The Pareto diagram is a classic example of a histogram (which most later devote a post)..


Prior to build a Pareto diagram is need to collect the facts, observations and the results need. This can be in the following way:

  • Each Member of the team votes on what are the main categories on a diagram of Ishikawa diagram). It may be useful for everyone to substantiate your vote, way to facilitate the achievement of a consensus quickly or draw the Pareto diagram with the votes

  • A person has 5 votes and can place them anywhere on the diagram of cause effects diagram. It is recommend to do this along with a cut of the session. So that the moderator has time to do Pareto diagram with the results of the vote.

  • The same methodology can be use giving each person 100 points to distribute between the order cards, using the same methodology to locate them.

Pareto Principles

The Pareto principle describes the way in which occur the causes, both in nature and in human behavior. It can be a very powerful management tool to focus the efforts of the staff to the problems and the solutions that have the greatest potential for profitability.

Pareto diagram can also be use to sort data obtained from the application of other than the Ishikawa diagram tools.

The methodology includes the following phases:

  • Select the elements to study.

  • You select the unit of measurement for the analysis. For example: number of events, costs, or other measuring impact.

  • A select the time period that is to analyses the results obtain.

  • A listing of the elements is complete from left to right on the horizontal axis. So that decreases the magnitude of the unit of measurement. Categories containing minor elements can be combine in one category call "other". This category is place on the right end of the shaft.

  • Builds two vertical axes, one at each end of the horizontal axis. The left axis scale should be calibrate in the unit of measurement. Its height should be equal to the sum of the magnitudes of all the elements. The scale on the right axis must have the same height and be calibrate from 0 to 100%.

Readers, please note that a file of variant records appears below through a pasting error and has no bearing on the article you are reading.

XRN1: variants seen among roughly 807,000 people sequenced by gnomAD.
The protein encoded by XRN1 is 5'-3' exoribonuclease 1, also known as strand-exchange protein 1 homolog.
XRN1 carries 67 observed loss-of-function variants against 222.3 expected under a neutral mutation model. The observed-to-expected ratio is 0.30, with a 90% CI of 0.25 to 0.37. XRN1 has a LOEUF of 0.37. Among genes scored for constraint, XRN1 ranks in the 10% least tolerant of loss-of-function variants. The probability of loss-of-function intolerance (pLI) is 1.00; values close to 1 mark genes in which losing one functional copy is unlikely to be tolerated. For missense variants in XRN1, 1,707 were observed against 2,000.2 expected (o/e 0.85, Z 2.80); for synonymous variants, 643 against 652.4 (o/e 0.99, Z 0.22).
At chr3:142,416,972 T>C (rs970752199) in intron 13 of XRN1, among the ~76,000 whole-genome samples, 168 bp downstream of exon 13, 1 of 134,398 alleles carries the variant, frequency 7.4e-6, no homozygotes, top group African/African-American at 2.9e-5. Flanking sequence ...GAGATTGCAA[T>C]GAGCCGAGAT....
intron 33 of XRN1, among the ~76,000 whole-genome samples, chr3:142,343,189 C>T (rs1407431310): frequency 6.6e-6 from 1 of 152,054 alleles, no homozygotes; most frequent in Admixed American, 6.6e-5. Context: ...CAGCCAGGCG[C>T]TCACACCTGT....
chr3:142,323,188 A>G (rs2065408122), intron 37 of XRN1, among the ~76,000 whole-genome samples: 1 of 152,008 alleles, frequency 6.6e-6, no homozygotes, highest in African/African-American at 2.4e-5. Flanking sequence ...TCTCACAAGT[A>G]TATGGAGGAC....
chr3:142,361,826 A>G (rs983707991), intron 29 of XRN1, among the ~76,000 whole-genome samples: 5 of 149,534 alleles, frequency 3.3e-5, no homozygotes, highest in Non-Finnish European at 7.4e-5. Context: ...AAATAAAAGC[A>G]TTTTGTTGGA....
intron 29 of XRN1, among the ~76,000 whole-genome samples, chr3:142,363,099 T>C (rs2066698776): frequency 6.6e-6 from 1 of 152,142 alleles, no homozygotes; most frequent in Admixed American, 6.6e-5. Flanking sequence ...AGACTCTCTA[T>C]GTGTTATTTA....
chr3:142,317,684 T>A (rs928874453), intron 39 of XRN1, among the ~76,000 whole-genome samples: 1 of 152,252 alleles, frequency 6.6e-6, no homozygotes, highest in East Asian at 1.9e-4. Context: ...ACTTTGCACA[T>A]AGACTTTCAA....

• A rectangle whose height represents the magnitude of the unit of measure for this item is draw up each element.

  • Built cumulative frequency curve, adding the magnitudes of each element, from left to right

  • The Pareto chart is use to identify the most important elements for the improvement of the quality.

Example of a Pareto diagram. 

A manager wants to investigate the causes of the dissatisfaction of customers at a particular hotel. Manager investigates and records the reasons for the complaints of customers.

In general, the axis and on the left is the frequency of occurrence. While the shaft and on the right is the cumulative percentage of the total number of occurrences. The x-axis shows the categories of defects, complaints, waste, etc.

What is a weighted Pareto diagram?

A diagram of Pareto weighted not only considers the frequency of occurrence but also its importance. A weight Pareto diagram may explain the severity of the defects, or cost or any item to which you want to track.

For example, suppose that you have 5 defects of coating that is doing follow-up:

Wrinkles, spots, stripes, dirty splashes and bubbles.